ury or to be the symbol of absolute power. Even though most artefacts have been lost we can still recognise elements of olmec art such as the large sculpted heads called cabe=ones that may have had religious significance' or the 3ade figurines made to loo8 li8e disfigured men or children that probably had esoteric significance. The dDcor tries to highlight +ritain’s military power against *rance’s.ican 6olf' The Blmec are considered to be the oldest culture that inhabited (entral :merica. The baro2ue residence of the du8e of )arlborough' the +lenheim 1alace tells another story.pensive campaigns that invested in the research of archaeological sites. Pre-Columbian Art There was little 8nown in the E0E century Europe about :merican population that lived on the continent before the Spanish con2uests. )any of the treasures were simply melted so that the gold and gems could be used once more.ico.The last members of the Stuart family were protectors of the arts and that is why in the last years of the Stuart rule they tried to promote good taste above all. 9igging has helped shed some light upon the order in which the different civili=ations lived on the :merican continent before the European con2uests too8 place. The lac8 of written information and the more recent 2ua2ueros' more commonly 8nown as treasure hunters eventually lead to the loss of this great culture' some of which has only been discovered not long ago through tireless and e.pression was enriching human statues or faces by adding feline li8e features. The information the Spanish con2uistadors were bringing covered only small parts of the :=tec culture while the treasures sent by Herman (orte= to (arol the th of Spain were only valued considering the precious metals and stones it contained and not at all the cultural and artistic meaning it had. The Blmec civili=ation was 2uite advanced during the th and #th century' being considered the >mother? of all the other great cultures of the ancient )e. This construction had a meaning and purpose that is 2uite evident if one ta8es a loo8 at the decorations used. 0t was here that 6lyph writing was first used and it is also the culture that is responsible for the presence of human sacrifice' religious use and building of pyramids and religious use of calendars in the later :merican cultures. The manner the space is used reminds the visitor of <ersailles but that is all the two noble residences have in common. The bric8 built edifice is not at all lavish but rather modest' not being meant to radiate lu. Their name comes from the word olman which means >rubber land?. . : very common means of e. The 5oyal Caval Hospital in 6reenwich was built at the re2uest of 4ilhelm and )aria and it is without doubt most impressive' some would even consider it more grandiose than the 5oyal 1alace in Hampton (ourt' build by 4ren for the same sovereigns. The Olmec Civilization +ased on the coast of the )e. )ost money were sent towards public edifices and charity.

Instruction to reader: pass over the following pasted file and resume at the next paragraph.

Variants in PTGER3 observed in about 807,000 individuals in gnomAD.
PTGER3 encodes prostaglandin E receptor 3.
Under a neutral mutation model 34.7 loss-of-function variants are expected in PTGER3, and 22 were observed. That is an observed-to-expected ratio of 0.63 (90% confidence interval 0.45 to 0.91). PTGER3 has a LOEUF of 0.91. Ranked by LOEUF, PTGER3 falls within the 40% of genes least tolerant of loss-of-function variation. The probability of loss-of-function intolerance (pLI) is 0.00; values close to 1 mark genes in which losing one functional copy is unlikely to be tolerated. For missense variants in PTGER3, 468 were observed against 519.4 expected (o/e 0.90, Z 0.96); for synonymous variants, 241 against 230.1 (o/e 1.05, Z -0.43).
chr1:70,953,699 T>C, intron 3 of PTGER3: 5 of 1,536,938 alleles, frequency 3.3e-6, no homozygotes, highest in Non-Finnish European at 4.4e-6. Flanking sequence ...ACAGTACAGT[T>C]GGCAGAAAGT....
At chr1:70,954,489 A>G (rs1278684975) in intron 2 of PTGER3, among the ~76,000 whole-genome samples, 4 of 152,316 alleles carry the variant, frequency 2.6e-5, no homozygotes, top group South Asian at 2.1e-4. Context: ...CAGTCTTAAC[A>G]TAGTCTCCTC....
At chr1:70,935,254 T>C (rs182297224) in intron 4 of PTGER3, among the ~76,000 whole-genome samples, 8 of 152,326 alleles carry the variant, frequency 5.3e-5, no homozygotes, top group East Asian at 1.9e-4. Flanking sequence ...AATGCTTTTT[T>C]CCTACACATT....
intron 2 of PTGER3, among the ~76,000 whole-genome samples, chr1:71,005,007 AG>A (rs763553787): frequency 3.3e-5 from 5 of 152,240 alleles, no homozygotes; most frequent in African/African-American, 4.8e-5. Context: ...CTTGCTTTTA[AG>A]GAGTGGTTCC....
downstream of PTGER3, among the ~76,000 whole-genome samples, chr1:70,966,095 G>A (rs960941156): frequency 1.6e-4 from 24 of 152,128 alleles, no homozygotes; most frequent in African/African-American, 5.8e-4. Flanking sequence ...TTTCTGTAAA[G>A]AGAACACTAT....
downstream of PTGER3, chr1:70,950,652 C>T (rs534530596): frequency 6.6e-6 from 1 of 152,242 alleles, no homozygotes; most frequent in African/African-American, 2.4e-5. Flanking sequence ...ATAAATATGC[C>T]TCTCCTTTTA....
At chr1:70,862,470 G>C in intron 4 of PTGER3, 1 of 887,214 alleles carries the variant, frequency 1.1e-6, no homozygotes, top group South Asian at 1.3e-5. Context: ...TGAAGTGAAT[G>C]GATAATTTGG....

(. Teotihuacan was spread over !! s2uare 8ilometres and consisted of a temple nucleus called >citadel? surrounded by the priests’ homes or living 2uarters which formed a ring around the temple' underlining the social importance it had. These were important administrative centres and official religious grounds. Fnder the protection of the god of war or (ama.ili' they were under the rule of the uetlatoani whom had the responsibility of provo8ing the so called flower wars which were raids that provided the priests with their ne. The Maya population : little bit to the south' between the Gucatan peninsula and Honduras' starting with the fourth century +. The great pyramids dedicated to the Sun and )oon dominated the scenery. This belief was the foundation for the bloody cult that is so present in civili=ations in this area.' there lived the )aya people. The @uet=al"coatl or >birdsna8e? god and the rain god both had similar yet smaller edifices dedicated to them. The Aztec culture 9uring the 1!th century warrior another tribe reached the Te.The great theocratic civilization 4e 8now a little bit more about the classic era that too8 place between the third and the fith century +.planation of life and the world in general. They’re society had a socio"religious basis. They believed that the source for the god’s strength was human blood which the god needed to continue his 3ourney across the s8y. 1riests had the power and 8nowledge to manage very advanced agricultural technology and to develop new philosophical and religious systems structured in a way that would enable the e.(. meters and had a bridge li8e structure connecting it to the )oon pyramid. 0n 1. That meant that priests were as advanced as it gets' from a social' economic' and educational standpoint. . 0t is during this era that the great city states are created.ico' Teotihuacan' meaning the birthplace of the gods' an important religious centre which will later name a civili=ation spread throughout (entral :merica.coco lagoon. They came from the mythical :=tlan and they had a very rigorous military administration.ico. Bnly behind those homes were there built homes for the ordinary inhabitants of the city. : bit north of (iudad de )e.t human sacrifices dedicated to the Sun 6od.-/ they but down the foundations for their most beautiful and enchanting city7 Tenochtli' the current (iudad de )e. The Sun pyramid had a terrace on top of it. The bird"sna8e mythical creature is often represented through rituals or temples in the (entral :merican cultures. The terrace was as high as #. 0t stands for the cosmic principle of duality7 a creature that can crawl and one that can fly are united to create one symbol that is responsible for the creation of humanity. These two were not the only pyramids in the city but they were the most important.